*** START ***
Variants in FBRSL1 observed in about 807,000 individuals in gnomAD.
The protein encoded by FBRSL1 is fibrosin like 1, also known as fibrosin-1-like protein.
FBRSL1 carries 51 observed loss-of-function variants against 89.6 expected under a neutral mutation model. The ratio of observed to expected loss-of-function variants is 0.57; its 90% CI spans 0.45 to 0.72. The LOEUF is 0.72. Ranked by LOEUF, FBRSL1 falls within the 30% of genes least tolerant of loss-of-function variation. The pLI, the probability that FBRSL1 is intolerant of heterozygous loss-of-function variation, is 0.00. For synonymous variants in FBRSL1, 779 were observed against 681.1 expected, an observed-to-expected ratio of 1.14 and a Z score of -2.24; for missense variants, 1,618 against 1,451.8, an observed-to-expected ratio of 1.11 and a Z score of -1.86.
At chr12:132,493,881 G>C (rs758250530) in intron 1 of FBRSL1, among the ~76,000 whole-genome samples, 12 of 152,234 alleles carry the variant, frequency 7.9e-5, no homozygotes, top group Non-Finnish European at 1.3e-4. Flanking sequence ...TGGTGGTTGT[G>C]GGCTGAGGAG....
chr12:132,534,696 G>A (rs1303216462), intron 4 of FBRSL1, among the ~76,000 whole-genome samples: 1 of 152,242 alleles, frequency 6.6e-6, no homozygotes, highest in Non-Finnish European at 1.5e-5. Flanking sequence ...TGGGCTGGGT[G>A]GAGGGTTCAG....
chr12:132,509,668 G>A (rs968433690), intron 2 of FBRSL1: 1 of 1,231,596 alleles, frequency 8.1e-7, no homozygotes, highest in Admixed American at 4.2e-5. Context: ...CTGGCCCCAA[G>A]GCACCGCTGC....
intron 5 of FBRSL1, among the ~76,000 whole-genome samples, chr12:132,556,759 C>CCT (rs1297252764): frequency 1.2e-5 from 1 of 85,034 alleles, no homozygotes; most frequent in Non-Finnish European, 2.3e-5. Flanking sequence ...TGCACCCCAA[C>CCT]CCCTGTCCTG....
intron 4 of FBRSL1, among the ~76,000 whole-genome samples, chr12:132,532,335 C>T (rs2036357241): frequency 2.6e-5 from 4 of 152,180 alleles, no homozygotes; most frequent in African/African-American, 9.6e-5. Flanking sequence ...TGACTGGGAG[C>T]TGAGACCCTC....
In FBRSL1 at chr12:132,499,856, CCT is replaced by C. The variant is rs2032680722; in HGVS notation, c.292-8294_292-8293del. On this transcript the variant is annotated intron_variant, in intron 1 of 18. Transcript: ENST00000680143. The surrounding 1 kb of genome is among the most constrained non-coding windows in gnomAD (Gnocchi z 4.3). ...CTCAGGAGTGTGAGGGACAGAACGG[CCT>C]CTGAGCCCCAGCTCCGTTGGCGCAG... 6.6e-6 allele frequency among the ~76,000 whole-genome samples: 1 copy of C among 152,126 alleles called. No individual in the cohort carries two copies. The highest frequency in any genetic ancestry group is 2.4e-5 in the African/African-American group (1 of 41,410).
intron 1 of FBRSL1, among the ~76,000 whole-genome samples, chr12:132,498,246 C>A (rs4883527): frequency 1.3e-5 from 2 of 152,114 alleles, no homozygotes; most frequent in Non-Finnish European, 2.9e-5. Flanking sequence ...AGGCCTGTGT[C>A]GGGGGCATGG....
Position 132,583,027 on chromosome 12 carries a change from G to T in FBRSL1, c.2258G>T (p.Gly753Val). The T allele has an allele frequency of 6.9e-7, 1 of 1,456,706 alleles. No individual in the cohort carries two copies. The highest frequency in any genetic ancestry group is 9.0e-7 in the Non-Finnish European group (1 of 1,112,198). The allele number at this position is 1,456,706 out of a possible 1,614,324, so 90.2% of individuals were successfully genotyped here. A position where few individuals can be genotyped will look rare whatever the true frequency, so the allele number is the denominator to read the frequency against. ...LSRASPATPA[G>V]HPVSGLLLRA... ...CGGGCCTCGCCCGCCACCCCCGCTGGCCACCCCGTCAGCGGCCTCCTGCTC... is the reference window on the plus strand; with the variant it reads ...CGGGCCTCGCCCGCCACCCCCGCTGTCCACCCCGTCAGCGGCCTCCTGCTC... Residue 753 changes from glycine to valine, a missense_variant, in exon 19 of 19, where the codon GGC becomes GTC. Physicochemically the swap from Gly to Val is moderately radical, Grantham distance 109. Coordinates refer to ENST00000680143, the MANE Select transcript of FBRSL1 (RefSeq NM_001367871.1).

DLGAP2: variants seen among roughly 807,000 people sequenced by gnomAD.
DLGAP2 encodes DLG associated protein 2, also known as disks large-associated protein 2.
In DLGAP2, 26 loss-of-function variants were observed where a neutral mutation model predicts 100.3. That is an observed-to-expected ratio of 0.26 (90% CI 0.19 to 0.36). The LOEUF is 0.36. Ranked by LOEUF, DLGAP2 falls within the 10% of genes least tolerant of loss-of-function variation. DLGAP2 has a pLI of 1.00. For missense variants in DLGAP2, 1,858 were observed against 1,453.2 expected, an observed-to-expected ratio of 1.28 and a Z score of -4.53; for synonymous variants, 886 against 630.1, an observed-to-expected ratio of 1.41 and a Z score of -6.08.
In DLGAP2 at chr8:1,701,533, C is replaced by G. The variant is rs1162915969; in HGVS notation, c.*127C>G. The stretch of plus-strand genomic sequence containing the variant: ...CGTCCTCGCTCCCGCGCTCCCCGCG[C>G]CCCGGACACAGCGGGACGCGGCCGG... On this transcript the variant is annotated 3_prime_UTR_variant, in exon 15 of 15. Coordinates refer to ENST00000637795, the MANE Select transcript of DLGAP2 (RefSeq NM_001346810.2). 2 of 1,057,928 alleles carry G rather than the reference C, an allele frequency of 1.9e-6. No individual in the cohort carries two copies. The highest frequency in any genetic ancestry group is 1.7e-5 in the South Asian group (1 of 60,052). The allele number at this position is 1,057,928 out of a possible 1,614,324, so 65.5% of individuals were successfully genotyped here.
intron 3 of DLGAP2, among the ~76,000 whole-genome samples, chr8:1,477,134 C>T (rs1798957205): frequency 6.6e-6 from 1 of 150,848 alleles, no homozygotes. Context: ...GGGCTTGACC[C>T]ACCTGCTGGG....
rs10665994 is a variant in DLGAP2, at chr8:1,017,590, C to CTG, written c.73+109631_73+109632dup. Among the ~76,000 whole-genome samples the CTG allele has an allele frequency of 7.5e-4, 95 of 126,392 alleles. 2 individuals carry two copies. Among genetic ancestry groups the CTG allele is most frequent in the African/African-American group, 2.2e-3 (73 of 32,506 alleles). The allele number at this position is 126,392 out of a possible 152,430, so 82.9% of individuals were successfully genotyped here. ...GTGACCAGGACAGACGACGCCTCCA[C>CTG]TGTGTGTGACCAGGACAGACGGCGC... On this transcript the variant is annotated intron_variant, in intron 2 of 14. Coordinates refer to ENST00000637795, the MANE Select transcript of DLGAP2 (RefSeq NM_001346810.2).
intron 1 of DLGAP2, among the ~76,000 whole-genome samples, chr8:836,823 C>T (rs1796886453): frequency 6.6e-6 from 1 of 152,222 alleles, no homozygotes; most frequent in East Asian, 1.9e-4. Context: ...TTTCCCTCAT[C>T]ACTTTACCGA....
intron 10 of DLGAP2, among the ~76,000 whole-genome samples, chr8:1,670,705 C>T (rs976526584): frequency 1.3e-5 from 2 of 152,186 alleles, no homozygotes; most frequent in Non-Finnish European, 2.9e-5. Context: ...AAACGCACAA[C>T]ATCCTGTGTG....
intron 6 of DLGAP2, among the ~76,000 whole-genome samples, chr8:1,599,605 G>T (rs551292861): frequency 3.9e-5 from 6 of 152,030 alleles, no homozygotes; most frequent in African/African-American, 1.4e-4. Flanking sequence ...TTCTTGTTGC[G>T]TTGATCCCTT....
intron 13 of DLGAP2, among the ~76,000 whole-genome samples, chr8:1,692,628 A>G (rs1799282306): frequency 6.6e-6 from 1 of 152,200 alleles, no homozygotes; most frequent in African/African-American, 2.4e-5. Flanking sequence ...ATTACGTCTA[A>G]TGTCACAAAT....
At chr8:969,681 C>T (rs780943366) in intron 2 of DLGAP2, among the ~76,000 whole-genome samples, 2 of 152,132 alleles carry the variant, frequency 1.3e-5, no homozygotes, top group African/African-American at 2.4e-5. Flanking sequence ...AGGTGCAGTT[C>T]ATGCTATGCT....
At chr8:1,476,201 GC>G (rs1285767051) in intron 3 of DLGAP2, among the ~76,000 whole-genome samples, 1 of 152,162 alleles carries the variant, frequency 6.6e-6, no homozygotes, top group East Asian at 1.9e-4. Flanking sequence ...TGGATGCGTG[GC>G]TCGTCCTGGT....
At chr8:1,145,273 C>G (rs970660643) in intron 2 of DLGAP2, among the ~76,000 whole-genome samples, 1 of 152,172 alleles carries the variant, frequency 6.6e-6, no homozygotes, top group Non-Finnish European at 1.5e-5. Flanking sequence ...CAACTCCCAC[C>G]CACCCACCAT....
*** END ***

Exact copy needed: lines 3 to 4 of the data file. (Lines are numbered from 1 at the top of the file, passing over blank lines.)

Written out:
FBRSL1 carries 51 observed loss-of-function variants against 89.6 expected under a neutral mutation model. The ratio of observed to expected loss-of-function variants is 0.57; its 90% CI spans 0.45 to 0.72. The LOEUF is 0.72. Ranked by LOEUF, FBRSL1 falls within the 30% of genes least tolerant of loss-of-function variation. The pLI, the probability that FBRSL1 is intolerant of heterozygous loss-of-function variation, is 0.00. For synonymous variants in FBRSL1, 779 were observed against 681.1 expected, an observed-to-expected ratio of 1.14 and a Z score of -2.24; for missense variants, 1,618 against 1,451.8, an observed-to-expected ratio of 1.11 and a Z score of -1.86.
At chr12:132,493,881 G>C (rs758250530) in intron 1 of FBRSL1, among the ~76,000 whole-genome samples, 12 of 152,234 alleles carry the variant, frequency 7.9e-5, no homozygotes, top group Non-Finnish European at 1.3e-4. Flanking sequence ...TGGTGGTTGT[G>C]GGCTGAGGAG....